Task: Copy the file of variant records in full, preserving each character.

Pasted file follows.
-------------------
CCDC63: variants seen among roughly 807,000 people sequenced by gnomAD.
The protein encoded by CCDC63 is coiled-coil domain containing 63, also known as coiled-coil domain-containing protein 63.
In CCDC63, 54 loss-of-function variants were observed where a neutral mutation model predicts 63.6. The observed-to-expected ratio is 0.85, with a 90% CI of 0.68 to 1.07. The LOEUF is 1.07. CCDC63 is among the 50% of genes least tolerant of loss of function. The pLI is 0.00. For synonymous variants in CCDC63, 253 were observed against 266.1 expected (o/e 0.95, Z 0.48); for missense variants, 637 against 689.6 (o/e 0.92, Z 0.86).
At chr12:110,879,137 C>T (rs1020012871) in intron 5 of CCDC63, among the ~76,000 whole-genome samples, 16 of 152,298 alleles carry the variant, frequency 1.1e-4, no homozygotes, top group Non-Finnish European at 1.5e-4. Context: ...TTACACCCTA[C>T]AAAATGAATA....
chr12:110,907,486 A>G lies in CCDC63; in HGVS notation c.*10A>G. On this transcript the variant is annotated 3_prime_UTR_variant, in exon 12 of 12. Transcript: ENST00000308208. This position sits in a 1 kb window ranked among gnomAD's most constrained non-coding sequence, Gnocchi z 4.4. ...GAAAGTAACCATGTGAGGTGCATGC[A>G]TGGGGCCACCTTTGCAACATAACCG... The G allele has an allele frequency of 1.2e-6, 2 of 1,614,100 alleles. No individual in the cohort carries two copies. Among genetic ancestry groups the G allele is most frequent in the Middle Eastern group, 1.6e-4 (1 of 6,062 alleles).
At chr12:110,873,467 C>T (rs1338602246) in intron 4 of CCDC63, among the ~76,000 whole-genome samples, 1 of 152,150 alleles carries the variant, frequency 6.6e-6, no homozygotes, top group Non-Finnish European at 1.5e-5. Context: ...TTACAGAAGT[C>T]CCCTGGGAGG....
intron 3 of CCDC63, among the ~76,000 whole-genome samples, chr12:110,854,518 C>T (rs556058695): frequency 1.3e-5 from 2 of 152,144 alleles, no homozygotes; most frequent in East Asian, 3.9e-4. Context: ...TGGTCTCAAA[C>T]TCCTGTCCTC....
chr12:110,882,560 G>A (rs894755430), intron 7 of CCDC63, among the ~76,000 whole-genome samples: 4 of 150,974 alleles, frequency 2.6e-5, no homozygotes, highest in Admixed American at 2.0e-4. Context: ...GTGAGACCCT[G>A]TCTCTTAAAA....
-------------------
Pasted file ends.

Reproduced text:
CCDC63: variants seen among roughly 807,000 people sequenced by gnomAD.
The protein encoded by CCDC63 is coiled-coil domain containing 63, also known as coiled-coil domain-containing protein 63.
In CCDC63, 54 loss-of-function variants were observed where a neutral mutation model predicts 63.6. The observed-to-expected ratio is 0.85, with a 90% CI of 0.68 to 1.07. The LOEUF is 1.07. CCDC63 is among the 50% of genes least tolerant of loss of function. The pLI is 0.00. For synonymous variants in CCDC63, 253 were observed against 266.1 expected (o/e 0.95, Z 0.48); for missense variants, 637 against 689.6 (o/e 0.92, Z 0.86).
At chr12:110,879,137 C>T (rs1020012871) in intron 5 of CCDC63, among the ~76,000 whole-genome samples, 16 of 152,298 alleles carry the variant, frequency 1.1e-4, no homozygotes, top group Non-Finnish European at 1.5e-4. Context: ...TTACACCCTA[C>T]AAAATGAATA....
chr12:110,907,486 A>G lies in CCDC63; in HGVS notation c.*10A>G. On this transcript the variant is annotated 3_prime_UTR_variant, in exon 12 of 12. Transcript: ENST00000308208. This position sits in a 1 kb window ranked among gnomAD's most constrained non-coding sequence, Gnocchi z 4.4. ...GAAAGTAACCATGTGAGGTGCATGC[A>G]TGGGGCCACCTTTGCAACATAACCG... The G allele has an allele frequency of 1.2e-6, 2 of 1,614,100 alleles. No individual in the cohort carries two copies. Among genetic ancestry groups the G allele is most frequent in the Middle Eastern group, 1.6e-4 (1 of 6,062 alleles).
At chr12:110,873,467 C>T (rs1338602246) in intron 4 of CCDC63, among the ~76,000 whole-genome samples, 1 of 152,150 alleles carries the variant, frequency 6.6e-6, no homozygotes, top group Non-Finnish European at 1.5e-5. Context: ...TTACAGAAGT[C>T]CCCTGGGAGG....
intron 3 of CCDC63, among the ~76,000 whole-genome samples, chr12:110,854,518 C>T (rs556058695): frequency 1.3e-5 from 2 of 152,144 alleles, no homozygotes; most frequent in East Asian, 3.9e-4. Context: ...TGGTCTCAAA[C>T]TCCTGTCCTC....
chr12:110,882,560 G>A (rs894755430), intron 7 of CCDC63, among the ~76,000 whole-genome samples: 4 of 150,974 alleles, frequency 2.6e-5, no homozygotes, highest in Admixed American at 2.0e-4. Context: ...GTGAGACCCT[G>A]TCTCTTAAAA....